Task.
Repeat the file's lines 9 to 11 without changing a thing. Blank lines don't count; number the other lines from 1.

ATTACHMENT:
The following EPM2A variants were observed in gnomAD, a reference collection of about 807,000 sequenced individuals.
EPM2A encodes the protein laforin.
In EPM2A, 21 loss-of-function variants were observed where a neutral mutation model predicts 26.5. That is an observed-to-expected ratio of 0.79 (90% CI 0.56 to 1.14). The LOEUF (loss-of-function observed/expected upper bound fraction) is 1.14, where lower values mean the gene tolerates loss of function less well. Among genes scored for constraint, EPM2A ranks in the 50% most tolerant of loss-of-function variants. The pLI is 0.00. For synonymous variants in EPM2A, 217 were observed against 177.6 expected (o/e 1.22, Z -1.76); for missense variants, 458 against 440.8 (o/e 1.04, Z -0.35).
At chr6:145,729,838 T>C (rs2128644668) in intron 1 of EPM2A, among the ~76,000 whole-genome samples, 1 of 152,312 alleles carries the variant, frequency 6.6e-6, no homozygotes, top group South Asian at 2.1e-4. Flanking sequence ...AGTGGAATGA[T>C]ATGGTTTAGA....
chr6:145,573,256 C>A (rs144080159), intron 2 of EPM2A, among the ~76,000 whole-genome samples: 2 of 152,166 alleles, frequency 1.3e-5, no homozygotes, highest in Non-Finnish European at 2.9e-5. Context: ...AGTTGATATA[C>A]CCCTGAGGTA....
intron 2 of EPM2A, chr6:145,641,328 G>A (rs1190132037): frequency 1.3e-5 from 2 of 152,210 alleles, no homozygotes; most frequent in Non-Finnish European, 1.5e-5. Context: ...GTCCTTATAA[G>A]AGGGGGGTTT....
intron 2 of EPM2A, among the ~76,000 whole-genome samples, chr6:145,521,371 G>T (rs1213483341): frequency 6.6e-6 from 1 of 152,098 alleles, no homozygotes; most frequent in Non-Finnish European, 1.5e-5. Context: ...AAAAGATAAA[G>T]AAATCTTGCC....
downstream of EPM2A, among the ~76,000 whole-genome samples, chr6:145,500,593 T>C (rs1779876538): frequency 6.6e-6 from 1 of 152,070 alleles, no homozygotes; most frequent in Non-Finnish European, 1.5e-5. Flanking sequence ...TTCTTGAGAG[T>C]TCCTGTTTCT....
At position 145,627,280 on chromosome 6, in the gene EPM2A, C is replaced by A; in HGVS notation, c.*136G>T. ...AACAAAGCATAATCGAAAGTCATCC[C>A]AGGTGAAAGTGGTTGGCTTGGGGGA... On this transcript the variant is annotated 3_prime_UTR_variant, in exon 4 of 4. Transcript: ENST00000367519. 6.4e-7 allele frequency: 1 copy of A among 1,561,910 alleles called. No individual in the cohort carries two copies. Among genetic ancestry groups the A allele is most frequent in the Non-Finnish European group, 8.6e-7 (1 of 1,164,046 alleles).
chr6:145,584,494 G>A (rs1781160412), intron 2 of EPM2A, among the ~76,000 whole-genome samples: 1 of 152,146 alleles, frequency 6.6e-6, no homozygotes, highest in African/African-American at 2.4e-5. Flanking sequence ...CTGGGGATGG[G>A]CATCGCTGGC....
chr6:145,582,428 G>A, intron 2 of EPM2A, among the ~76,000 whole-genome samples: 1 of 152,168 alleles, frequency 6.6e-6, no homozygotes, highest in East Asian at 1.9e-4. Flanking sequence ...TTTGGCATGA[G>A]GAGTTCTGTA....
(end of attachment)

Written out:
At position 145,627,280 on chromosome 6, in the gene EPM2A, C is replaced by A; in HGVS notation, c.*136G>T. ...AACAAAGCATAATCGAAAGTCATCC[C>A]AGGTGAAAGTGGTTGGCTTGGGGGA... On this transcript the variant is annotated 3_prime_UTR_variant, in exon 4 of 4. Transcript: ENST00000367519. 6.4e-7 allele frequency: 1 copy of A among 1,561,910 alleles called. No individual in the cohort carries two copies. Among genetic ancestry groups the A allele is most frequent in the Non-Finnish European group, 8.6e-7 (1 of 1,164,046 alleles).
chr6:145,584,494 G>A (rs1781160412), intron 2 of EPM2A, among the ~76,000 whole-genome samples: 1 of 152,146 alleles, frequency 6.6e-6, no homozygotes, highest in African/African-American at 2.4e-5. Flanking sequence ...CTGGGGATGG[G>A]CATCGCTGGC....
chr6:145,582,428 G>A, intron 2 of EPM2A, among the ~76,000 whole-genome samples: 1 of 152,168 alleles, frequency 6.6e-6, no homozygotes, highest in East Asian at 1.9e-4. Flanking sequence ...TTTGGCATGA[G>A]GAGTTCTGTA....